January 30, 2006

Social psychology and politics.

Social psychologists examine political behavior:
Studies presented at [a conference last week] produced evidence that emotions and implicit assumptions often influence why people choose their political affiliations, and that partisans stubbornly discount any information that challenges their preexisting beliefs.

Emory University psychologist Drew Westen put self-identified Democratic and Republican partisans in brain scanners and asked them to evaluate negative information about various candidates. Both groups were quick to spot inconsistency and hypocrisy -- but only in candidates they opposed.

When presented with negative information about the candidates they liked, partisans of all stripes found ways to discount it, Westen said. When the unpalatable information was rejected, furthermore, the brain scans showed that volunteers gave themselves feel-good pats -- the scans showed that "reward centers" in volunteers' brains were activated. The psychologist observed that the way these subjects dealt with unwelcome information had curious parallels with drug addiction as addicts also reward themselves for wrong-headed behavior.
This shouldn't surprise anyone. We process new information by incorporating it into what we already understand. How could we possibly think and get on in the world if we didn't?
Another study presented at the conference, which was in Palm Springs, Calif., explored relationships between racial bias and political affiliation by analyzing self-reported beliefs, voting patterns and the results of psychological tests that measure implicit attitudes -- subtle stereotypes people hold about various groups.

That study found that supporters of President Bush and other conservatives had stronger self-admitted and implicit biases against blacks than liberals did.
Not surprisingly, given that first study, Bush partisans find ways to discount this study:
Brian Jones, a spokesman for the Republican National Committee, said he disagreed with the study's conclusions but that it was difficult to offer a detailed critique, as the research had not yet been published and he could not review the methodology. He also questioned whether the researchers themselves had implicit biases -- against Republicans -- noting that Nosek and Harvard psychologist Mahzarin Banaji had given campaign contributions to Democrats.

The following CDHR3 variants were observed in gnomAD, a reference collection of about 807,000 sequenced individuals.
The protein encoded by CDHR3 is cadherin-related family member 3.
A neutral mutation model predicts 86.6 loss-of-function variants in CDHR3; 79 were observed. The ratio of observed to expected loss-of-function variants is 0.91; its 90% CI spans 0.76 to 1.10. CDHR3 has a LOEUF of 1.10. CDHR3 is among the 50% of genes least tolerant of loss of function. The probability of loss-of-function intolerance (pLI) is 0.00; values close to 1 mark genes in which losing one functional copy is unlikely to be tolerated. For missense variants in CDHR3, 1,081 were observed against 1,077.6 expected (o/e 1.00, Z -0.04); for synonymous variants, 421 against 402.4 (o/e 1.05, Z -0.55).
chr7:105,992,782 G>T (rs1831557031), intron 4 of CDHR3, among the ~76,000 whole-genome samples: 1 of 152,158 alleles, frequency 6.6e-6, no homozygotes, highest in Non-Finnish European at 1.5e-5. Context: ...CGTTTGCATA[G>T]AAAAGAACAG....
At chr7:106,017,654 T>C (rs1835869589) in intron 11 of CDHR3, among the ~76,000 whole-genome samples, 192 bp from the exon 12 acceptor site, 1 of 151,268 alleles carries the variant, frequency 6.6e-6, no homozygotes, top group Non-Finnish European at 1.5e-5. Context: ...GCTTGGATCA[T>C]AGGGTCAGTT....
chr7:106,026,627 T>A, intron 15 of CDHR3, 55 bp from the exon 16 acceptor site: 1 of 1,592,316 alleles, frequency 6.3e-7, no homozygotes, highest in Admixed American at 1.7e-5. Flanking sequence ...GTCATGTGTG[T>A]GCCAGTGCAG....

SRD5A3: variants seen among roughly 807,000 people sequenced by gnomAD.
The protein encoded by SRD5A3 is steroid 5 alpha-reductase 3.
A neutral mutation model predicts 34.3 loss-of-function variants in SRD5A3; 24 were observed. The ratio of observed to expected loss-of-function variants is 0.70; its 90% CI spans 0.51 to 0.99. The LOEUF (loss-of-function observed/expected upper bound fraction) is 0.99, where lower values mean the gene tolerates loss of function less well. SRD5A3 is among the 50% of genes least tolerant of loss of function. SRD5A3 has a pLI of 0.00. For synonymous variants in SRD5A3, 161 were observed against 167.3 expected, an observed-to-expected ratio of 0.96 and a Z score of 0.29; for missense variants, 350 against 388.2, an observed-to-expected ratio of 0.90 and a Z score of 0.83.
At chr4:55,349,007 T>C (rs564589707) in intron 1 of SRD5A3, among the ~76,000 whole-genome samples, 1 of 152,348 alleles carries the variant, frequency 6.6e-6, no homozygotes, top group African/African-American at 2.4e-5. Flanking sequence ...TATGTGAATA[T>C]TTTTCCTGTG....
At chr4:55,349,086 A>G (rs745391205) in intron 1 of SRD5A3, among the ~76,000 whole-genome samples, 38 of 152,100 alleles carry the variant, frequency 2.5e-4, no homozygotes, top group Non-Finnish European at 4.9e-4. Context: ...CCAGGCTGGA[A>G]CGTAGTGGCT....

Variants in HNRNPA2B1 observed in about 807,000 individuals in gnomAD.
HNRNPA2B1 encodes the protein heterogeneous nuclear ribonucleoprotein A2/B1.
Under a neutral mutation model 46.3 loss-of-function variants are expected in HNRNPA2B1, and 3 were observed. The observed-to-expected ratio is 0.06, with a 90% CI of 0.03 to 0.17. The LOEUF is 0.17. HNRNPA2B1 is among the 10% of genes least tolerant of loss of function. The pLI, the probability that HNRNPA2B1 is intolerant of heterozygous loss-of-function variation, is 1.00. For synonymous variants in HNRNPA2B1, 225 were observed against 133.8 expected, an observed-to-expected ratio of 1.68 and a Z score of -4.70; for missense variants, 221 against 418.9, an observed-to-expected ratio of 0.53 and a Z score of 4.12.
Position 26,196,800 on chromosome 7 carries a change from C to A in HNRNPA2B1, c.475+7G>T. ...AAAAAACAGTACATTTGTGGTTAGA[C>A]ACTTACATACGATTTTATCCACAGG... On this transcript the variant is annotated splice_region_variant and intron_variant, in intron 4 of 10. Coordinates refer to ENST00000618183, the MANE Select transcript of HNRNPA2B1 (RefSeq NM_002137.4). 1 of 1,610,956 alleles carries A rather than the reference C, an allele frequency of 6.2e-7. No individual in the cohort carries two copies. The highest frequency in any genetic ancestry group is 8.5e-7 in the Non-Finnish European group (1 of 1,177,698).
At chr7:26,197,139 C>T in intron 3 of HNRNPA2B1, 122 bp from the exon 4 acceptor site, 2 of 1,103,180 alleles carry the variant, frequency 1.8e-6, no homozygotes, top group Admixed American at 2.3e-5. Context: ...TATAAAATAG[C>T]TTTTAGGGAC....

"There are a lot of factors that go into political affiliation, and snap determinations may be interesting for an academic study, but the real-world application seems somewhat murky," Jones said.
So how did they do the study? Actually, it was an on-line test that I'm sure many of you took. I know I did:
For their study, Nosek, Banaji and social psychologist Erik Thompson culled self-acknowledged views about blacks from nearly 130,000 whites, who volunteered online to participate in a widely used test of racial bias that measures the speed of people's associations between black or white faces and positive or negative words. The researchers examined correlations between explicit and implicit attitudes and voting behavior in all 435 congressional districts.

The analysis found that substantial majorities of Americans, liberals and conservatives, found it more difficult to associate black faces with positive concepts than white faces -- evidence of implicit bias. But districts that registered higher levels of bias systematically produced more votes for Bush.
Do you find yourself thinking of lots of ways to discount the study? Is it because you're a Bush partisan? And if you're thinking the study is pretty good, well, aren't you a Bush opponent?

26 comments:

Bruce Hayden said...

Agreed.

The minute I saw the thing on race I started thinking, got to be wrong. Then, when I saw it was online, I said ah-ha.

Repeating the thought pattern. I don't think of myself as a racist, but am/was a Bush supporter. So, figured that there was something wrong with the study when it tied the first two together, and jumped on the first thing I saw.